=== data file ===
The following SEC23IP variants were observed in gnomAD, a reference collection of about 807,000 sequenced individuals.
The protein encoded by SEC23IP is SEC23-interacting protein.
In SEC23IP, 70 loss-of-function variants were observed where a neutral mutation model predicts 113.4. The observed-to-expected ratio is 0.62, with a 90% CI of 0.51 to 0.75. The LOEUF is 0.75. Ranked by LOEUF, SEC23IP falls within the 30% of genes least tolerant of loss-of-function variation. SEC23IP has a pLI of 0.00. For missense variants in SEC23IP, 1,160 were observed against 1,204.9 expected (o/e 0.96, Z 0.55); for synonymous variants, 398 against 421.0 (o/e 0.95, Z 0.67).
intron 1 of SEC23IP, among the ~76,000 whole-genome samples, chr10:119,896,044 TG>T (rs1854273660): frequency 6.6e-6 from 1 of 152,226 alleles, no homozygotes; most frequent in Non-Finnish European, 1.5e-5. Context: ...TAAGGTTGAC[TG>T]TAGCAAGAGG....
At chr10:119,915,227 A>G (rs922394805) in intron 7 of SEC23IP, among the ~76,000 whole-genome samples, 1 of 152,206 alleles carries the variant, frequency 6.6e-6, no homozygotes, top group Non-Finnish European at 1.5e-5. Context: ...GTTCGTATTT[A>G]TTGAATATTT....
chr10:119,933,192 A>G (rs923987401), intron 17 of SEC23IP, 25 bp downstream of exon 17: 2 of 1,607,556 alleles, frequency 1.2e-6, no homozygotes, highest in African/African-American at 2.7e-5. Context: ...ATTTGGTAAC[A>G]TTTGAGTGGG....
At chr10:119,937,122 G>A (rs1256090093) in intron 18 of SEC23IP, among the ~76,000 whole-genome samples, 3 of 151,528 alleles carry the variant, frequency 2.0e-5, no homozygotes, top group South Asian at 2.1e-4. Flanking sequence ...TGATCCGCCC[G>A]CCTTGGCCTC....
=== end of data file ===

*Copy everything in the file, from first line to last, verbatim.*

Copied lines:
The following SEC23IP variants were observed in gnomAD, a reference collection of about 807,000 sequenced individuals.
The protein encoded by SEC23IP is SEC23-interacting protein.
In SEC23IP, 70 loss-of-function variants were observed where a neutral mutation model predicts 113.4. The observed-to-expected ratio is 0.62, with a 90% CI of 0.51 to 0.75. The LOEUF is 0.75. Ranked by LOEUF, SEC23IP falls within the 30% of genes least tolerant of loss-of-function variation. SEC23IP has a pLI of 0.00. For missense variants in SEC23IP, 1,160 were observed against 1,204.9 expected (o/e 0.96, Z 0.55); for synonymous variants, 398 against 421.0 (o/e 0.95, Z 0.67).
intron 1 of SEC23IP, among the ~76,000 whole-genome samples, chr10:119,896,044 TG>T (rs1854273660): frequency 6.6e-6 from 1 of 152,226 alleles, no homozygotes; most frequent in Non-Finnish European, 1.5e-5. Context: ...TAAGGTTGAC[TG>T]TAGCAAGAGG....
At chr10:119,915,227 A>G (rs922394805) in intron 7 of SEC23IP, among the ~76,000 whole-genome samples, 1 of 152,206 alleles carries the variant, frequency 6.6e-6, no homozygotes, top group Non-Finnish European at 1.5e-5. Context: ...GTTCGTATTT[A>G]TTGAATATTT....
chr10:119,933,192 A>G (rs923987401), intron 17 of SEC23IP, 25 bp downstream of exon 17: 2 of 1,607,556 alleles, frequency 1.2e-6, no homozygotes, highest in African/African-American at 2.7e-5. Context: ...ATTTGGTAAC[A>G]TTTGAGTGGG....
At chr10:119,937,122 G>A (rs1256090093) in intron 18 of SEC23IP, among the ~76,000 whole-genome samples, 3 of 151,528 alleles carry the variant, frequency 2.0e-5, no homozygotes, top group South Asian at 2.1e-4. Flanking sequence ...TGATCCGCCC[G>A]CCTTGGCCTC....